(Weber).) Dr. Weber further testified that in vivo data trumps in vitro data, but the ultimate data
is human data. (Tr. 209:6-17 (Weber).) In addition, AstraZeneca argues there was no reason to
choose vildagliptin (Villhauer-063 Ex. 1) over other prior art Villhauer compounds. (D.I. 373 at
The court agrees that Aurobindo fails to demonstrate that a POSA would have selected
vildagliptin as a lead compound. Lead compound analysis "requires the challenger to demonstrate
... that one of ordinary skill in the art would have had a reason to select a proposed lead compound
or compounds over other compounds in the prior art." Daiichi Sankyo Co. v. Matrix Labs., Ltd,
619 F.3d 1346, 1354 (Fed. Cir. 2010). In the court's view, Aurobindo's lead compound analysis
is flawed because their expert narrowly focused on potency. The plaintiffs expert Dr. Weber
testified that a POSA would have considered other pharmacokinetic and pharmacodynamics
properties involved in what determines the final dose of a compound, not simply potency. (Tr.
Furthermore, the court finds that a POSA would not have ignored the human clinical data
of compound P32/98 and compound NVP-DPP728 in favor of limited in vivo rat data. This
specific error reveals the taint of hindsight bias in Dr. Powers' analysis of the prior art. Dr. Powers
admitted that NVP-DPP728 was a "perfectly reasonable lead compound", Tr. 97:6- 16 (Powers),
and that, in forming his opinion, he did not consider that NVP-DPP728 had actually been shown.
to be effective in humans. (Tr. 143:6-10 (Powers); Tr. 339:4-11 (Weber).) The experts agree that
instability due to a cyclization was a serious problem for DPP4 inhibitors in 2000. (Tr. 112:14 113:7 (Powers); Tr. 212:17-22 (Weber).) Because a POSA would have recognized that P32/98 .
did not suffer from the chemical instability problem in the art, Tr. 211:13-21 (Weber), the court·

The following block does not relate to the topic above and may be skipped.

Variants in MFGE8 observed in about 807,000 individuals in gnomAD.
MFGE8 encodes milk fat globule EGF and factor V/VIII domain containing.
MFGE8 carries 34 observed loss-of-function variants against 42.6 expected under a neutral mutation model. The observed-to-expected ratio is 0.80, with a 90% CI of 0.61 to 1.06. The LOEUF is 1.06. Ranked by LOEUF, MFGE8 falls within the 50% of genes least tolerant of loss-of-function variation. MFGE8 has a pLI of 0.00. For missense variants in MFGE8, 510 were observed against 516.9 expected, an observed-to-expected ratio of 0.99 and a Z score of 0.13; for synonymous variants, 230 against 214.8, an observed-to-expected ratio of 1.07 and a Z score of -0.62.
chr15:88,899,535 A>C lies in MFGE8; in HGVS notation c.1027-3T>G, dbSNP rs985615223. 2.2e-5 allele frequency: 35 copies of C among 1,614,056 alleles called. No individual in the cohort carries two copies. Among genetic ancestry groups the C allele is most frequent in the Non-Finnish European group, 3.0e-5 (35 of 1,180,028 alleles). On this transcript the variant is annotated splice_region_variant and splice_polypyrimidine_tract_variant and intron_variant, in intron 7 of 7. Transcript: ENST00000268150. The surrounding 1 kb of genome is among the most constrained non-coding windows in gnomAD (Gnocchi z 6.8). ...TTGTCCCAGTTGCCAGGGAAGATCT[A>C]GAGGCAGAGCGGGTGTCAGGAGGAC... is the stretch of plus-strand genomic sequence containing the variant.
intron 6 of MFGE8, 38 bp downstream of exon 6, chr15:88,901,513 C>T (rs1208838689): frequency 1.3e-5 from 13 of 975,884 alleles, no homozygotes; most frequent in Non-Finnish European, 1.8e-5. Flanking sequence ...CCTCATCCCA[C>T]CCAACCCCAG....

finds that P32/98 would have also been a natural lead.
The court also considers it important that prior art references included later Novartis
compounds that were just as potent and that also incorporated Ashworth II's "optimum" Pl group.
(Tr. 141:11-142:4 (Powers); PTX-2066 at 3; JTX-126 at 2-3.) Aurobindo has not shown why one
skilled in th~ art would have ignored the more recent advances of the compound in making a lead
compound selection. The court is not persuaded by the biological data-insulin response in an
animal model- because several compounds in the Villhauer patents had better insulin response
in the in vivo rat assay than Villhauer-063 Ex. 1. (JTX-49 at 4, PDX-223.)
Dr. Powers' approach to the lead compound analysis fatally undermines his credibility. Dr.
Powers did not perform an analysis of the art as a whole. (D.I. 373 at 7.) Instead, Dr. Powers
initially looked at the chemical structure of saxagliptin. Then, with that structure in mind, Dr.
Powers looked to a selection of prior art handpicked by Aurobindo's counsel in order to select the
compound for his obviousness analysis. (Tr. 122:9-123:6 (Powers).) This is evidence of classic
hindsight bias. Based on the Dr. Weber's testimony, the court concludes that a POSA would have
considered P32/98 and NVP-DPP728 in addition to several other lead compounds.